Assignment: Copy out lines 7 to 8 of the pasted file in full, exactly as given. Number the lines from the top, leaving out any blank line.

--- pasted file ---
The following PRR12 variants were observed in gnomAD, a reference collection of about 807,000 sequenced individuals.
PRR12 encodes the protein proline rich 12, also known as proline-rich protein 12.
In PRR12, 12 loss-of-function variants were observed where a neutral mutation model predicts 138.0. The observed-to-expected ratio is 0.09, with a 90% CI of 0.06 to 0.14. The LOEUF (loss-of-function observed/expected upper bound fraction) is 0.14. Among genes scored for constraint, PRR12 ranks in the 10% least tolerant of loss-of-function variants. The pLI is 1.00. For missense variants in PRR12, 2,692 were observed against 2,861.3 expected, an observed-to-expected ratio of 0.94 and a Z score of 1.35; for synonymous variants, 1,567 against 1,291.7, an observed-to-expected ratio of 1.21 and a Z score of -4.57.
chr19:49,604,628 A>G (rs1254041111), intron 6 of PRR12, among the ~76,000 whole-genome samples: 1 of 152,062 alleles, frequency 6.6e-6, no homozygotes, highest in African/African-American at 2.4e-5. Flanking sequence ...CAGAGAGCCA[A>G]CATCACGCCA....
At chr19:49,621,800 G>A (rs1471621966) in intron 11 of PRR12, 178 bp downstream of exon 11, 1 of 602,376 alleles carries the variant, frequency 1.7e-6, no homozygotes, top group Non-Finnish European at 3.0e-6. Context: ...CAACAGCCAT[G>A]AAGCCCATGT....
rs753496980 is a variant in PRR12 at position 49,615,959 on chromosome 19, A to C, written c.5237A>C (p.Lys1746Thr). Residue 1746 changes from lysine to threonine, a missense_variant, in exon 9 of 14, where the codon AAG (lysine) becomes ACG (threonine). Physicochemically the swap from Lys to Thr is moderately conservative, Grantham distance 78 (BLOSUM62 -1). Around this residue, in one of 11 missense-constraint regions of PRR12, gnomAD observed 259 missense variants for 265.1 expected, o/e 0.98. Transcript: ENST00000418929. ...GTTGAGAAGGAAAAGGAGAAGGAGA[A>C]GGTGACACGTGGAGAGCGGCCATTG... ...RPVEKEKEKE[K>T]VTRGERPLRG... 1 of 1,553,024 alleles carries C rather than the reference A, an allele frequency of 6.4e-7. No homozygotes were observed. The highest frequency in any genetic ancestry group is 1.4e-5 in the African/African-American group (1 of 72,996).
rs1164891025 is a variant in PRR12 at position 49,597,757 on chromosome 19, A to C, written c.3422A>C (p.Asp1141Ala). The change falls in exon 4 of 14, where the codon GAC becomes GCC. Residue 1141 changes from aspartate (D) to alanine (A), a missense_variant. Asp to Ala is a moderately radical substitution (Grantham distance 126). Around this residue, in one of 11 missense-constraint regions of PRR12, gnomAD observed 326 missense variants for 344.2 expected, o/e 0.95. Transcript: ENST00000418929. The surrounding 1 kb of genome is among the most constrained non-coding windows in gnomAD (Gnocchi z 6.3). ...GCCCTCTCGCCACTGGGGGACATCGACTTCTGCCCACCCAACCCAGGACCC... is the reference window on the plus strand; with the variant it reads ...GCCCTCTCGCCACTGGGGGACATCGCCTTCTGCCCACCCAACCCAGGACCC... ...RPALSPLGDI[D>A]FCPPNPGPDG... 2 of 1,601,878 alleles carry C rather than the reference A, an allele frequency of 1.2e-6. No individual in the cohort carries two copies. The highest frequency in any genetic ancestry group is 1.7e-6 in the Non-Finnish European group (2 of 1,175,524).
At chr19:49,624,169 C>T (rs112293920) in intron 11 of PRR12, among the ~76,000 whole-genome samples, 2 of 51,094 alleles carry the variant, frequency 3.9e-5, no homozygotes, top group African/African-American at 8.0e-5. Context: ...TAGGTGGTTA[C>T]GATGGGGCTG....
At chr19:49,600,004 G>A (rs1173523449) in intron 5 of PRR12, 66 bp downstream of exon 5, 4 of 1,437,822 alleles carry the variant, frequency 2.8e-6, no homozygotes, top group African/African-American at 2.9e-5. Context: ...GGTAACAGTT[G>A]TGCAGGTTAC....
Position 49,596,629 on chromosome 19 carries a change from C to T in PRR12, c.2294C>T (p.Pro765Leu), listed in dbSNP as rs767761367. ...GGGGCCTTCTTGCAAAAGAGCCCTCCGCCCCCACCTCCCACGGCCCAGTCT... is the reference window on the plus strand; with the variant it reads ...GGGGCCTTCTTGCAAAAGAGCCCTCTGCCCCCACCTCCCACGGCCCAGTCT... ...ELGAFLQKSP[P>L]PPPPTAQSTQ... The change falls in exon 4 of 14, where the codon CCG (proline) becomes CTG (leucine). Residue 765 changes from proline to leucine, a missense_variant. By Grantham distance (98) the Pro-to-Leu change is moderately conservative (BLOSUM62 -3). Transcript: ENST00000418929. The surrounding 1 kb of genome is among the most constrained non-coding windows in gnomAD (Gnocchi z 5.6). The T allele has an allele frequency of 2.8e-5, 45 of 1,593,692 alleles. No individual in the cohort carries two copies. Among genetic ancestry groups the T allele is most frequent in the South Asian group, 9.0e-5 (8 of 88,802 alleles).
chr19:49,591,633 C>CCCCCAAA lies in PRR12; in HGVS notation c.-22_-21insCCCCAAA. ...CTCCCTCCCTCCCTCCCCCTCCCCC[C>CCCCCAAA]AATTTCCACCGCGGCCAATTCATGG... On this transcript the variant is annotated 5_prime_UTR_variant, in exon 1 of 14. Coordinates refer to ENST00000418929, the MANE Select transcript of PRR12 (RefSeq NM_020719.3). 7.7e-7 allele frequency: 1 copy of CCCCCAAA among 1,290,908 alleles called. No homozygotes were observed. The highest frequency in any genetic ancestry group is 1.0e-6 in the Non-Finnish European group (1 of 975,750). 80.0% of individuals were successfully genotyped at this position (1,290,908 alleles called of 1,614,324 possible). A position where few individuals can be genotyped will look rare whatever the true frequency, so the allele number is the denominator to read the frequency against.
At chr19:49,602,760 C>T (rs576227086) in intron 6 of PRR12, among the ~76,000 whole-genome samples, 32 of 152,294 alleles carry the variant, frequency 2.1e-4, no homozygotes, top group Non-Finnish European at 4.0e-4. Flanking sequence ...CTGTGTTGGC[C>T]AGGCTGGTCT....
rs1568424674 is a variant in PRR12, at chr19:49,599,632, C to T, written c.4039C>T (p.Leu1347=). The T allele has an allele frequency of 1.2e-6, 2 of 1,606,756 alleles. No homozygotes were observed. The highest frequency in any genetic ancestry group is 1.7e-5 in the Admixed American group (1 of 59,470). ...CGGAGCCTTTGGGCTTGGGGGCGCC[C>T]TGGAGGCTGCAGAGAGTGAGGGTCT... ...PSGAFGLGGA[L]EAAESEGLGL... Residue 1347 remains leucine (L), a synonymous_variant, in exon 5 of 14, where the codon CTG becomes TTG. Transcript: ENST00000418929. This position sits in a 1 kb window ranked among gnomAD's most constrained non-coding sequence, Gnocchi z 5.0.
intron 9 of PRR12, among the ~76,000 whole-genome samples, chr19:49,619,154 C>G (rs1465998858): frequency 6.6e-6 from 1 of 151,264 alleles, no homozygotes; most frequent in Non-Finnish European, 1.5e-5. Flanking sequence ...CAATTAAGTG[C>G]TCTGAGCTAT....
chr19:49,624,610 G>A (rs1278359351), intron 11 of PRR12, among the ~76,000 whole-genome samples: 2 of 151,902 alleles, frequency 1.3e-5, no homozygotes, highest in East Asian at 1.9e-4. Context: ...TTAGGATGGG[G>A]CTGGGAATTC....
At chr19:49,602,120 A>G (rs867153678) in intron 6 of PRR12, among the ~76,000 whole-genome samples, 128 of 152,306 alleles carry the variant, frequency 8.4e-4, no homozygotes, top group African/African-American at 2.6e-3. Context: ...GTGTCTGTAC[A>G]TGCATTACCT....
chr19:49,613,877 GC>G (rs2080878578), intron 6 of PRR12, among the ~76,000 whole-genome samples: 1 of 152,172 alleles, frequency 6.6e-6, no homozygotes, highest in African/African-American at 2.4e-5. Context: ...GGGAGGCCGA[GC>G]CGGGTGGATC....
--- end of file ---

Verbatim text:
rs1164891025 is a variant in PRR12 at position 49,597,757 on chromosome 19, A to C, written c.3422A>C (p.Asp1141Ala). The change falls in exon 4 of 14, where the codon GAC becomes GCC. Residue 1141 changes from aspartate (D) to alanine (A), a missense_variant. Asp to Ala is a moderately radical substitution (Grantham distance 126). Around this residue, in one of 11 missense-constraint regions of PRR12, gnomAD observed 326 missense variants for 344.2 expected, o/e 0.95. Transcript: ENST00000418929. The surrounding 1 kb of genome is among the most constrained non-coding windows in gnomAD (Gnocchi z 6.3). ...GCCCTCTCGCCACTGGGGGACATCGACTTCTGCCCACCCAACCCAGGACCC... is the reference window on the plus strand; with the variant it reads ...GCCCTCTCGCCACTGGGGGACATCGCCTTCTGCCCACCCAACCCAGGACCC... ...RPALSPLGDI[D>A]FCPPNPGPDG... 2 of 1,601,878 alleles carry C rather than the reference A, an allele frequency of 1.2e-6. No individual in the cohort carries two copies. The highest frequency in any genetic ancestry group is 1.7e-6 in the Non-Finnish European group (2 of 1,175,524).
At chr19:49,624,169 C>T (rs112293920) in intron 11 of PRR12, among the ~76,000 whole-genome samples, 2 of 51,094 alleles carry the variant, frequency 3.9e-5, no homozygotes, top group African/African-American at 8.0e-5. Context: ...TAGGTGGTTA[C>T]GATGGGGCTG....